Personal profile


Darren is a Senior Lecturer in Health and Human Performance in the School of Health Sciences at the University of Tasmania, Launceston where he contributes to teaching in the Exercise Science/Exercise Physiology and Laboratory Medicine courses. His research focuses on using pre-clinical models of insulin resistance, type 2 diabetes, obesity and exercise training to study metabolic phenotypes, pathways and processes. His research is primarily focused on understanding mitochondrial and whole-body metabolic dysfunction and identifying targets to treat these conditions.

Darren graduated with a Bachelor of Science with first class honours in Physiology from Monash University in 2003. He conducted his PhD studies through the Monash University Faculty of Medicine, Nursing and Health Sciences (School of Translational Medicine) at the Baker Medical Research Institute and Alfred Hospital. Following his doctorate, he undertook postdoctoral studies at the Baker Heart and Diabetes Institute in the Cellular and Molecular Metabolism Laboratory including a period working in the David Geffen School of Medicine at the University of California, Los Angeles. Before joining the University of Tasmania, Darren was a Group Leader in the Molecular Metabolism & Aging Laboratory and Director of the Mouse Metabolic Phenotyping Facility and Bioenergetic Core at the Baker Heart and Diabetes Institute in Melbourne.  He was also an adjunct lecturer in the Department of Medicine, Monash University and Guest Lecturer for the Department of Physiology, Monash University.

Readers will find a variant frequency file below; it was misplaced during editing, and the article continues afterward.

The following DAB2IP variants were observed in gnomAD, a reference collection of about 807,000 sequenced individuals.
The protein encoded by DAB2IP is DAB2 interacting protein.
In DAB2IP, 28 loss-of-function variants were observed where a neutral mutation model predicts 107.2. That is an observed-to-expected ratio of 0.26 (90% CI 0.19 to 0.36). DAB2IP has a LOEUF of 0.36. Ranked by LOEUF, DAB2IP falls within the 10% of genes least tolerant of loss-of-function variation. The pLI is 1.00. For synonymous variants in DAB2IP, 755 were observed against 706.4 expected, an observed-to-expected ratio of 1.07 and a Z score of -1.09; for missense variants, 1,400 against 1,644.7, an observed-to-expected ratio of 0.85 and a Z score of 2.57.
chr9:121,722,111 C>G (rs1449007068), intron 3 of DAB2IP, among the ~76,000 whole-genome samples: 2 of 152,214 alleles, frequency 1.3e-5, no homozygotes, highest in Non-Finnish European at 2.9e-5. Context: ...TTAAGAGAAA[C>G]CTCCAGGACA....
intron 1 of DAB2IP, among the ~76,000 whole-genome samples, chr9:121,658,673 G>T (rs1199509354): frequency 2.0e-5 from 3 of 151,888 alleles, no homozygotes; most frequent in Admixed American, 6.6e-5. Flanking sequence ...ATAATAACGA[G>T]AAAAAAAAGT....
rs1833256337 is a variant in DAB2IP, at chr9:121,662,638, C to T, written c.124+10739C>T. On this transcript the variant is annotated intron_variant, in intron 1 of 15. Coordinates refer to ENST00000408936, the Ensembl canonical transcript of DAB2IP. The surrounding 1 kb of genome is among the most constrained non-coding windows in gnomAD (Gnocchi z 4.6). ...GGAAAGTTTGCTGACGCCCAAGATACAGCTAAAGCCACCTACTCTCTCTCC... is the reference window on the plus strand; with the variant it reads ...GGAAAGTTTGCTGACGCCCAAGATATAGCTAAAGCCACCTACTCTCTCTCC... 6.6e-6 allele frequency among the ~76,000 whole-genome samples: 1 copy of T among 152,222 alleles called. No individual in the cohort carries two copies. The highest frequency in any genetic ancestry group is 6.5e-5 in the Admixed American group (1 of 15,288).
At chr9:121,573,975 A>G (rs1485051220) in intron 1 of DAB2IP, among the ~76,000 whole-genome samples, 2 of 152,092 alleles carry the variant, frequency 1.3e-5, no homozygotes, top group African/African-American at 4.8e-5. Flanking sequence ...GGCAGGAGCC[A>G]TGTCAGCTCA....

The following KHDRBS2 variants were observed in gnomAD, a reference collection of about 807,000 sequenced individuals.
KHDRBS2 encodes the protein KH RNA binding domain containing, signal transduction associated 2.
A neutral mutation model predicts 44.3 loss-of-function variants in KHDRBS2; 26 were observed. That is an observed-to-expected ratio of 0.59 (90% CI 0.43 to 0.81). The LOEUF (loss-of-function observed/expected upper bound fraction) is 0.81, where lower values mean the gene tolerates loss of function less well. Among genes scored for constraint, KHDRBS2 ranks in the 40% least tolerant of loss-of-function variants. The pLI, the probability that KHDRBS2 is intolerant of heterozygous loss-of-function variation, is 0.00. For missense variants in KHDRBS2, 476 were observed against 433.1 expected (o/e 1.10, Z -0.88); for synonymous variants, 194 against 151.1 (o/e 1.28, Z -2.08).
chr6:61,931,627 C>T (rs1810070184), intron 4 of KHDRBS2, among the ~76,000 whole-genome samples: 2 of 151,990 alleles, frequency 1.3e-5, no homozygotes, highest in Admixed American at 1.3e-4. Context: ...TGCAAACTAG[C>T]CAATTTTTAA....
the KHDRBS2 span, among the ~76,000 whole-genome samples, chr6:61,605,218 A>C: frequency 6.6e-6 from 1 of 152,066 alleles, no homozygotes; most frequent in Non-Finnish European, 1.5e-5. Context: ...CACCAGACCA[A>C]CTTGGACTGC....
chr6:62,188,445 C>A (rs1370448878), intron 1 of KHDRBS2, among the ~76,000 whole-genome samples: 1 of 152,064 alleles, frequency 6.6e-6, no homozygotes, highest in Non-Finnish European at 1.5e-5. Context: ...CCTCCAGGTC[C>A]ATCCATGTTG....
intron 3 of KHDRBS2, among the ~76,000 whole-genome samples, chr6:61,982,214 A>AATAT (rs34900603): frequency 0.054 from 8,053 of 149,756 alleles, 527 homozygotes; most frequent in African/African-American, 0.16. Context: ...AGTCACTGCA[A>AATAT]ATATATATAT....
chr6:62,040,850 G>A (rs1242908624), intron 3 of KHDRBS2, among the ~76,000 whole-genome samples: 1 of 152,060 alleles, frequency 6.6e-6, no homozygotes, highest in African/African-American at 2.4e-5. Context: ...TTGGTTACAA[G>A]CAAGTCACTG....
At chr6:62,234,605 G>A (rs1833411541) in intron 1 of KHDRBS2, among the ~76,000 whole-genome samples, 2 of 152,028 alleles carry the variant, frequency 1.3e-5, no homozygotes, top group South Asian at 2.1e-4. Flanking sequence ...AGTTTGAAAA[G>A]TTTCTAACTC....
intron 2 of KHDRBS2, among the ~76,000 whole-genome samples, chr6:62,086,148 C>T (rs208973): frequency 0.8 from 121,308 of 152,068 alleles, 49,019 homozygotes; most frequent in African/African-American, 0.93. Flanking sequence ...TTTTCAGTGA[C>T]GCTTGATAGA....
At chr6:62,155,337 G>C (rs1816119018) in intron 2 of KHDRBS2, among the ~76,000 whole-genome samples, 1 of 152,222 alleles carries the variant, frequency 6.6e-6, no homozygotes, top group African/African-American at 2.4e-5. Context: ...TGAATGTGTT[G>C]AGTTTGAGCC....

Expertise related to UN Sustainable Development Goals

In 2015, UN member states agreed to 17 global Sustainable Development Goals (SDGs) to end poverty, protect the planet and ensure prosperity for all. This person’s work contributes towards the following SDG(s):

  • SDG 3 - Good Health and Well-being

Research area keywords

  • Metabolic processes
  • Metabolic dysfunction
  • Insulin resistance
  • Type 2 Diabetes
  • Obesity
  • Exercise training

Collaborations and top research areas from the last five years

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